The Fort Fetterman is a T-2 tanker, having an overall length of 523' 6', a beam of 68' 2', and a measurement from main deck to keel of 39'. Her gross tonnage is 10,457; her hull is steel; and she is powered by a turbo-electric drive with a single screw. On the afternoon of October 4, 1955, the vessel arrived in the Charleston harbor and anchored in the Cooper River. The cargo of creosote and tar was to be discharged at the Koppears Company dock, which required passage up the Ashley River through the bridge in question. In accordance with directions from the Charleston Pilots' Association, a portion of the cargo was pumped into barges to lighten the vessel to a draft not exceeding 15 feet. This operation was concluded at 3:30 A.M. on October 5, at which time the ship drew 14' 10' fore and aft, resulting in 24' 3' of freeboard, with 6' of her single propeller and 7' of her rudder out of the water.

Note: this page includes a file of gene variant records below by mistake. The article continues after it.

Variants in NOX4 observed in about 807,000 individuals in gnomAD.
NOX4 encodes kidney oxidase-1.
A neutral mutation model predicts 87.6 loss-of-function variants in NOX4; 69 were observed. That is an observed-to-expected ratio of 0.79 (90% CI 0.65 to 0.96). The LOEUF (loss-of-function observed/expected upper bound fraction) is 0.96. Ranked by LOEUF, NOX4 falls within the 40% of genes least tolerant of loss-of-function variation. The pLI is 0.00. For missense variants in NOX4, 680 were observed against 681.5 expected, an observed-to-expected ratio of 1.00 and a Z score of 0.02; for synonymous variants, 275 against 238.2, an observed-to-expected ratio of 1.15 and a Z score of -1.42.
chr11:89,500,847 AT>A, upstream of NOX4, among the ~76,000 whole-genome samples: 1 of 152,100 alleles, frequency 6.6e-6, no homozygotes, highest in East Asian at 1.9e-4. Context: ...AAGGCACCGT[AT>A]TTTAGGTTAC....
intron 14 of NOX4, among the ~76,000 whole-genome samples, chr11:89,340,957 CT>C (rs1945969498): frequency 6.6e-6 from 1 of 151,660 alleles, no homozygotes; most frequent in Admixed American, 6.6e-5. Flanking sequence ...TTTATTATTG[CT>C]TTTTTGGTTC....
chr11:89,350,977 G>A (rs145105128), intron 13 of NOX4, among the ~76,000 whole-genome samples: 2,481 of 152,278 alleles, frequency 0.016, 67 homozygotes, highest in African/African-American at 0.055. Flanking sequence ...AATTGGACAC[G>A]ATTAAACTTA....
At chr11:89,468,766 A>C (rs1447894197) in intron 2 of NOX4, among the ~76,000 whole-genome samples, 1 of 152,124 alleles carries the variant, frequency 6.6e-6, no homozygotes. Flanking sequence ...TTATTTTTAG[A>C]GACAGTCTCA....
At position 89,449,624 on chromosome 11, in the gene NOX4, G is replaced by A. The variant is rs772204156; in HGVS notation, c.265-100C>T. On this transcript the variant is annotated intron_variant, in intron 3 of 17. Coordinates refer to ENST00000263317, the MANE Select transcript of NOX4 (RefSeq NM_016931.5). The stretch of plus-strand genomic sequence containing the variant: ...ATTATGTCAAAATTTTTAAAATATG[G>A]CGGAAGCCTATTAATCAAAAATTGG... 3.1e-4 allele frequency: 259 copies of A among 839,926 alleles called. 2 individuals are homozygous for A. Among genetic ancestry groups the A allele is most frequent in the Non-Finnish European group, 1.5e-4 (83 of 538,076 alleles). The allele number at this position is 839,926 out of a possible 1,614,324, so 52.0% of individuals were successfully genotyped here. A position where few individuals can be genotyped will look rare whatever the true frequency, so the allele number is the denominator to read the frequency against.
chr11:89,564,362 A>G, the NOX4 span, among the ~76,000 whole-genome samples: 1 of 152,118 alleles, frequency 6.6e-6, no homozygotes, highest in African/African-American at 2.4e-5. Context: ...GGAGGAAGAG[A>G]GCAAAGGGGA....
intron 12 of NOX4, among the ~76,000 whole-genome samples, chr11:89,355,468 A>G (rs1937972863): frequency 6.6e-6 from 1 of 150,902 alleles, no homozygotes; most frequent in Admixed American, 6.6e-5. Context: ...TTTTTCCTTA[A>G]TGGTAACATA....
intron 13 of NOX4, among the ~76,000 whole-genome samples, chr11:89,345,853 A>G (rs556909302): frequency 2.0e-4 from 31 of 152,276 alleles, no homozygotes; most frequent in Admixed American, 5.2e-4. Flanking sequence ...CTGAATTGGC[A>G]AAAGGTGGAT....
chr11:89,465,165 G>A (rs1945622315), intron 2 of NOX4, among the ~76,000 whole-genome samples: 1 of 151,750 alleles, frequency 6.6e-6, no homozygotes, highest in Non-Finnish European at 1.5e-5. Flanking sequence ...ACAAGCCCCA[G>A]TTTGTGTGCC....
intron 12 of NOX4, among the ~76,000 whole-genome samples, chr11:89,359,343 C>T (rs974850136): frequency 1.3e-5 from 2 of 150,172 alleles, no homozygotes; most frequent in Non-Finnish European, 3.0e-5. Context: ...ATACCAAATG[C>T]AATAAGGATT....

At 8:20 A.M. the tug Fort Edisto came alongside the vessel, but did not tie up to same. Apparently it was contemplated that the tug would precede the Fort Fetterman on its passage up the Ashley River for the purpose of notifying the bridge to open in time for the vessel's passage and to assist in docking. A Pilot and an Apprentice Pilot from the Charleston Pilots' Association boarded the ship at 8:43 A.M., and at 8:55 A.M., the Fort Fetterman weighed anchor and proceeded up the Ashley River toward the bridge with the tug leading the way.